Jana Pittman is also an incredible force of nature, being the only woman to compete at both the Summer and Winter Olympics, even completing hurdles while seven months pregnant. You’re not supposed to get pregnant at the peak of your time as an Olympic athlete but Jana did. And when sponsors left her in the dust after finding out she was pregnant, she fought back and eventually managed to renegotiate their support. 

After an extremely public career with a red hot microscope on her every move as a young woman, often vilified and harassed by the press, she left behind Olympic Sport and is in the process of retraining as an obstetrician and gynaecologist. Oh, and she’s also completing a PhD while a mother to four children and pregnant with twins. The amount of plates Jana balances had our heads spinning and we found ourselves in awe of her energy but also simultaneously her boundaries and her ability to understand how her own psyche works. She knows her limits, but she also knows that she’s at her best when busy. And don’t worry; she’s keenly aware of the fact that the way she lives her life is not for everyone nor is the privilege she enjoys something everyone has the safety of.

 Speaking of which, there’s no question that our favourite and arguably the most captivating speaker of the breakfast was Aminata Conteh-Biger. Aminata is the Founder and CEO of the Aminata Maternal Foundation. In 1999, Aminata was captured by rebel forces during the civil war in Sierra Leone, where she was subject to some of the worst sexual and physical trauma a peron can endure. After being held captive for several months, Aminata was freed as part of a negotiated prisoner exchange.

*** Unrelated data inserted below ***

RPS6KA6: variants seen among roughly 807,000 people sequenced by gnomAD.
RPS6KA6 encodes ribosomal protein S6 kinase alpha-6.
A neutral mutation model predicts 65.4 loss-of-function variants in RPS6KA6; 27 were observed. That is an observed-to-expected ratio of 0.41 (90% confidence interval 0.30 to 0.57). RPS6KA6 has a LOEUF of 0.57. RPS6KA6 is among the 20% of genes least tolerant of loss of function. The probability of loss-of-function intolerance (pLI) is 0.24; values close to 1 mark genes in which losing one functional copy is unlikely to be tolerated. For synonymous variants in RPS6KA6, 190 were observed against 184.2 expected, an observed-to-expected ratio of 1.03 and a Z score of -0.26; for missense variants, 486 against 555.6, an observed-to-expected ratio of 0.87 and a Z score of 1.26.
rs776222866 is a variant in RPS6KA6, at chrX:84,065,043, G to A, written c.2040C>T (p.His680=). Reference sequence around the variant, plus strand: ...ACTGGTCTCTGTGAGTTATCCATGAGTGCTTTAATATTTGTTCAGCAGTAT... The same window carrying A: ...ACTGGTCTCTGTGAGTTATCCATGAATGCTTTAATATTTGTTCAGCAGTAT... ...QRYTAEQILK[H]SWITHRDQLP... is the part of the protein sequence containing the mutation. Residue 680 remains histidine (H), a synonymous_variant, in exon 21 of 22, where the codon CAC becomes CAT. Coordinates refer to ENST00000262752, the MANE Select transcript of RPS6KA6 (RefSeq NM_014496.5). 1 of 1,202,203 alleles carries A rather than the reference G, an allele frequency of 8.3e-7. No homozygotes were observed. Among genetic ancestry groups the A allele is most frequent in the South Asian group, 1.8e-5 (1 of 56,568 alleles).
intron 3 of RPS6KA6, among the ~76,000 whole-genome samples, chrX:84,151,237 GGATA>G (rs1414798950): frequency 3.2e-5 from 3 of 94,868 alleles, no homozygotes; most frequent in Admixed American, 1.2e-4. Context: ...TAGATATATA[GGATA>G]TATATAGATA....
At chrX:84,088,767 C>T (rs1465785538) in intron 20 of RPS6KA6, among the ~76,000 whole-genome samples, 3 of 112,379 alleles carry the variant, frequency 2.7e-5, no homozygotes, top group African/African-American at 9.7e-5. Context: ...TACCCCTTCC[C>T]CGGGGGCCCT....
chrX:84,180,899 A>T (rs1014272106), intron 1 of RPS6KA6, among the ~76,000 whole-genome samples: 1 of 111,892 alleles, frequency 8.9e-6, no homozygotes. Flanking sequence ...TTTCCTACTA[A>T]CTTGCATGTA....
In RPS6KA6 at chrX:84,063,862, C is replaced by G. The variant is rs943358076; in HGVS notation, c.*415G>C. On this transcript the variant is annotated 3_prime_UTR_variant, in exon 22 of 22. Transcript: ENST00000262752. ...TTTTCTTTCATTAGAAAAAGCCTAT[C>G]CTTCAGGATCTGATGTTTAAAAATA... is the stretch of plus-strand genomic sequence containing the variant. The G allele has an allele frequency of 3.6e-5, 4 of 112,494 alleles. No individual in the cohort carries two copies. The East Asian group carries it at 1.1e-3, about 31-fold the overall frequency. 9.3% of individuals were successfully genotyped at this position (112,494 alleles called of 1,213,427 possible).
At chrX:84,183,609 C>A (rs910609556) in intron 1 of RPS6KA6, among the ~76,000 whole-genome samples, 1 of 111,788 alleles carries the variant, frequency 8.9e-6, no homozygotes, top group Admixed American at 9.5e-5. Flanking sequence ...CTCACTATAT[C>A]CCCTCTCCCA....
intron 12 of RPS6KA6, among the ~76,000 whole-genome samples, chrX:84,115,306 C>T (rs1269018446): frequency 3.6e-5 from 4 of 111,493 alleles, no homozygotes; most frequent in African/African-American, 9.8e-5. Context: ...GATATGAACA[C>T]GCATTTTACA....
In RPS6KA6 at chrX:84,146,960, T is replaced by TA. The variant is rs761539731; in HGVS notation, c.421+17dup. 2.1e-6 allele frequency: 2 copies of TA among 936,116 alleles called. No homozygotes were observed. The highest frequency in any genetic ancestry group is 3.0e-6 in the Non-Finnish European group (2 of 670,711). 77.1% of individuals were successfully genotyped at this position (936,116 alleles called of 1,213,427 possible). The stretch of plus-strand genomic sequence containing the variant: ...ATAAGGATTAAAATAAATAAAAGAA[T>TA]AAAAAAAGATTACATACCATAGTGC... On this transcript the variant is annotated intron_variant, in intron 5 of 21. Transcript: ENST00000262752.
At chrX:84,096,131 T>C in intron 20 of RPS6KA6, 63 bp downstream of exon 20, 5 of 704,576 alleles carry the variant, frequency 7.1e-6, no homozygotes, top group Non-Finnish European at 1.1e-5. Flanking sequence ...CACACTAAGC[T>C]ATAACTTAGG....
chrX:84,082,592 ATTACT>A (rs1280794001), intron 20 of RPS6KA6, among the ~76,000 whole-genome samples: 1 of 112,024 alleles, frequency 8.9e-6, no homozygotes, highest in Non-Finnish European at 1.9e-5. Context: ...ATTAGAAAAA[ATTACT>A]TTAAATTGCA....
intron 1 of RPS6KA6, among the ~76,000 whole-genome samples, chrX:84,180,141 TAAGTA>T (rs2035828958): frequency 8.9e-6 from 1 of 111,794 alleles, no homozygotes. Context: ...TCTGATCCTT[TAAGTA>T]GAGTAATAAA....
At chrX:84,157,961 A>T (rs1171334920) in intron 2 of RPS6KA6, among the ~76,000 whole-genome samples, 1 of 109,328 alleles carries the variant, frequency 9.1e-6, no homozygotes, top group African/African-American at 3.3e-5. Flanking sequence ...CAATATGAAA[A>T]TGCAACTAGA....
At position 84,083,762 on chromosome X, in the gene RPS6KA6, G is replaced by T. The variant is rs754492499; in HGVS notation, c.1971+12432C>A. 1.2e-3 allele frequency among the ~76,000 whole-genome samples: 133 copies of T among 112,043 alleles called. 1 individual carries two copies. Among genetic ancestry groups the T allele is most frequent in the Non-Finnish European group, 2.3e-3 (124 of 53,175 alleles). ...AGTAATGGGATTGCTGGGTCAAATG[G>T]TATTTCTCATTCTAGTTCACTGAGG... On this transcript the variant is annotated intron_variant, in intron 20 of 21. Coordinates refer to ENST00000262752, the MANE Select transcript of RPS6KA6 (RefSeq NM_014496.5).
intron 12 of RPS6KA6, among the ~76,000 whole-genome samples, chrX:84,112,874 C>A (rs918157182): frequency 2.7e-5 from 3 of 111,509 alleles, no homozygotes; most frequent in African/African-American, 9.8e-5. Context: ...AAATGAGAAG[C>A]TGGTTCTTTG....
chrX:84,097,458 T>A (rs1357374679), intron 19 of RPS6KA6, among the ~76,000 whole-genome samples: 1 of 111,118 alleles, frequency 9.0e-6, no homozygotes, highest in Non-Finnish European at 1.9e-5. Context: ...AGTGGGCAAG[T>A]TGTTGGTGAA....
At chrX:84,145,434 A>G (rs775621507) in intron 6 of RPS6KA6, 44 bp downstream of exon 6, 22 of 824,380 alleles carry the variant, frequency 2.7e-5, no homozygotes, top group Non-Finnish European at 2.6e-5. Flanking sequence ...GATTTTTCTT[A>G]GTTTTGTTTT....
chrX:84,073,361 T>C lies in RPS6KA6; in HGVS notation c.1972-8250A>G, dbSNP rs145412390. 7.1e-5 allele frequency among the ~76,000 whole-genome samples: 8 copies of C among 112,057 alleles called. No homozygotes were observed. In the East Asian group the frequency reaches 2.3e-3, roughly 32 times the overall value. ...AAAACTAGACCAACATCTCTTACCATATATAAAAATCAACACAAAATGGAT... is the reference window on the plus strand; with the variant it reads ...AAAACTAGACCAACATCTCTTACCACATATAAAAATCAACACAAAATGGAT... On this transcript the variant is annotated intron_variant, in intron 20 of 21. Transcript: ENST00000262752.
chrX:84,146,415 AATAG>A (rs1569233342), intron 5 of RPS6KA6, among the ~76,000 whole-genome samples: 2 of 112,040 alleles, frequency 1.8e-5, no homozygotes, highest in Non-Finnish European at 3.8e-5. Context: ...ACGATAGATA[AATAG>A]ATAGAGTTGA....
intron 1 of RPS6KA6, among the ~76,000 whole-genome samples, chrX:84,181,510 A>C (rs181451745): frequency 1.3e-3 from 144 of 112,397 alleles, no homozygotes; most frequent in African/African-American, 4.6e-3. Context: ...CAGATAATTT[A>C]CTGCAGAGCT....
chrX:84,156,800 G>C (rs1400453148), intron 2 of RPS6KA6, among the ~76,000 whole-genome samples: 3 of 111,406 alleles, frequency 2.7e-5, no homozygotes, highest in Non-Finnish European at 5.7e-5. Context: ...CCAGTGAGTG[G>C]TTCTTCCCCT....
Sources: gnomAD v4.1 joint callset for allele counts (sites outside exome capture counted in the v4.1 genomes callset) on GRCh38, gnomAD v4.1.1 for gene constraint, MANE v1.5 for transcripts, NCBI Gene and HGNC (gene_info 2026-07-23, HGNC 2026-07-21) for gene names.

Aminata eventually found herself in Australia and has since committed her career to maternal health.  We hope to work with Aminata’s Foundation in a meaningful partnership soon. Maternal health is a particular passion of mine, because without it, I would never have survived. In her powerful speech Aminata reflected - ‘would any of us be here today if motherhood marked an end, not a beginning?’ She challenged attendees at the breakfast to help her break through biases that exist in maternal health - and give her the opportunity and resources to collectively end infant and maternal deaths in Sierra Leone. Aminata noted “Diversity means difference - it just means different. Diversity is who we are, it’s not a trend. I didn’t know I was black until I was in Australia. Bias is my everyday life as a woman of colour.”

That line echoed loudly in my head. Bias is also my everyday life as a woman with a disability yet I am also afforded protection and dignity through the colour of my skin. The nuance of privilege is something we’re always thinking about here at Missing Perspectives - that’s why we exist. We are an antidote to the lack of privilege, recognition and voice given to women and girls everywhere, using the advantages we have to uplift and platform the stories of others who have too often been silent and invisible. Events like this one give us the opportunity to put that mission statement in front of other people with power and privilege as we disrupt and start new conversations that have needed to be had for a long time.